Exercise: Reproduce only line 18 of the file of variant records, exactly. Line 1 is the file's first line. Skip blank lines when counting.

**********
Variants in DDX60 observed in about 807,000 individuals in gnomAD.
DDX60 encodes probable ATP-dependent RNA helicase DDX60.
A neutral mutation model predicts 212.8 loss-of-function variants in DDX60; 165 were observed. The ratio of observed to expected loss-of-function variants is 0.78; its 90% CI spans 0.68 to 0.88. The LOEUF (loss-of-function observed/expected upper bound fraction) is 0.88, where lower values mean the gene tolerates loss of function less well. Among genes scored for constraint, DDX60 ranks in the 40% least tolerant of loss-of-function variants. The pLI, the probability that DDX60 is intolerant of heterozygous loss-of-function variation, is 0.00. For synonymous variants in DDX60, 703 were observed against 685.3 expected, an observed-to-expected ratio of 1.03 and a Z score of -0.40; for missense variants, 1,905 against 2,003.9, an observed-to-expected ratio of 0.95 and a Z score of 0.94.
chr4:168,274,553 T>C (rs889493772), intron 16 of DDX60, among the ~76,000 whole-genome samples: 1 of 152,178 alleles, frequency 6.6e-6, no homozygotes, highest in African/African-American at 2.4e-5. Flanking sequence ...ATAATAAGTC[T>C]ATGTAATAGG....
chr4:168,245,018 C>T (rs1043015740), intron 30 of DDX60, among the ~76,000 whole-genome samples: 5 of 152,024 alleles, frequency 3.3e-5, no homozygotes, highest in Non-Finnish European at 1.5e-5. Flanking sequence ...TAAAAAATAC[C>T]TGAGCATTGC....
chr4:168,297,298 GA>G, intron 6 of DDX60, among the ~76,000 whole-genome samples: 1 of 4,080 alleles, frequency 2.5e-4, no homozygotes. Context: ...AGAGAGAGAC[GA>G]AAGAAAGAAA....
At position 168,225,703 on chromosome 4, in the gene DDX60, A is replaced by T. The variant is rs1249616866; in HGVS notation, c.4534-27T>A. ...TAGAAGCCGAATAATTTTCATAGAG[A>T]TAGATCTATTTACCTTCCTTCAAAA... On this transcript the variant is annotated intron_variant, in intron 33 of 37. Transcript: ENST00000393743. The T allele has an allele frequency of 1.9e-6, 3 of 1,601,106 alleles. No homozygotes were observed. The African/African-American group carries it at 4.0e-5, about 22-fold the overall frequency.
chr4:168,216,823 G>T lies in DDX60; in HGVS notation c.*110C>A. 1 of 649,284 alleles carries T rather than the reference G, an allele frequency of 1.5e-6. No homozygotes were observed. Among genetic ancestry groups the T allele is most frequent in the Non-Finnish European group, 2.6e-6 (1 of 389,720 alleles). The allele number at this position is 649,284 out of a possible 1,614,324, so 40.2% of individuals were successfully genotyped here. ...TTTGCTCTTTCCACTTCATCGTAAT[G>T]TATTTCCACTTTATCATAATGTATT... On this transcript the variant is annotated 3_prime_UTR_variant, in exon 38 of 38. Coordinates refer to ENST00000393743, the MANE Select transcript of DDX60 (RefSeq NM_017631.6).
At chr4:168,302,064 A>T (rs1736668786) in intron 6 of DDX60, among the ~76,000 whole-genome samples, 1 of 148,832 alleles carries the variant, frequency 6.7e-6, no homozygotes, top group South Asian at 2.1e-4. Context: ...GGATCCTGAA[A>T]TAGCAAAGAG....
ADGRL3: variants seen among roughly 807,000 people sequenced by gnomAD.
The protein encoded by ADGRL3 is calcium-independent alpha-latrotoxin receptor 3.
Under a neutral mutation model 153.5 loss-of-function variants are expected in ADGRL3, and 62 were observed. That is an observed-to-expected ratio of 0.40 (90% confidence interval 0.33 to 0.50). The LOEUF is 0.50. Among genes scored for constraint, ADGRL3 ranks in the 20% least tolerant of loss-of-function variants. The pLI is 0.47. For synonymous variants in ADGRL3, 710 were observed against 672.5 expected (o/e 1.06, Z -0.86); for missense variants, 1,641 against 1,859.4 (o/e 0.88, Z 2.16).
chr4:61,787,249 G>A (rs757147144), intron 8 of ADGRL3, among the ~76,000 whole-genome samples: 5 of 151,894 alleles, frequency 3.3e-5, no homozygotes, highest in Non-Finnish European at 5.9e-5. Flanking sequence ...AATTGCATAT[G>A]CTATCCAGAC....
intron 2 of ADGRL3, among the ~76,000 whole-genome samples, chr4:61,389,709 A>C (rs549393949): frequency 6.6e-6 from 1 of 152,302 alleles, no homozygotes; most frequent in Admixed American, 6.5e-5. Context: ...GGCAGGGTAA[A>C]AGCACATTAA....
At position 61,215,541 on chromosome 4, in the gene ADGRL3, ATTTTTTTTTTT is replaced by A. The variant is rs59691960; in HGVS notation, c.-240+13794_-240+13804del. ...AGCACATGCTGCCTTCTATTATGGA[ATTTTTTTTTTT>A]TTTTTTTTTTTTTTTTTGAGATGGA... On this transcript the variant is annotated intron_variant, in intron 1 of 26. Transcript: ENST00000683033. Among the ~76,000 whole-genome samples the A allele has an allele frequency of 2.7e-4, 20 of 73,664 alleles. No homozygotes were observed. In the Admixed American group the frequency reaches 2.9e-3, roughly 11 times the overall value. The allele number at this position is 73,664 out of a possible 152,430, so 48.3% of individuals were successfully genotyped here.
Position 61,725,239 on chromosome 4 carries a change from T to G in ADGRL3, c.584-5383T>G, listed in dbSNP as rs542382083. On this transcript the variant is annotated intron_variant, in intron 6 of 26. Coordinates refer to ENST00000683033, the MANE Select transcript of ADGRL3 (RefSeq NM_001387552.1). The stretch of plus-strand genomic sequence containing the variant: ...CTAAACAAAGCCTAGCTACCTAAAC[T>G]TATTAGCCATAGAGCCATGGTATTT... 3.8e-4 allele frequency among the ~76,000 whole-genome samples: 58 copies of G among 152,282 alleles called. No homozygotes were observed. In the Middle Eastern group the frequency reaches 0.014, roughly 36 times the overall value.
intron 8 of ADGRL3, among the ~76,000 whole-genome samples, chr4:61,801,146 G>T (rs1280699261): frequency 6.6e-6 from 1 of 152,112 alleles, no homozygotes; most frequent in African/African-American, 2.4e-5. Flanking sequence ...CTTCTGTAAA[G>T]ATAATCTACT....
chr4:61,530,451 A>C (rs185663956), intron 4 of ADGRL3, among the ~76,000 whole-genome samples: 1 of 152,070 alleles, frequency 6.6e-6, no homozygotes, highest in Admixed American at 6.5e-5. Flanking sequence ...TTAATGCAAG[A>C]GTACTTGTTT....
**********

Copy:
chr4:61,530,451 A>C (rs185663956), intron 4 of ADGRL3, among the ~76,000 whole-genome samples: 1 of 152,070 alleles, frequency 6.6e-6, no homozygotes, highest in Admixed American at 6.5e-5. Flanking sequence ...TTAATGCAAG[A>C]GTACTTGTTT....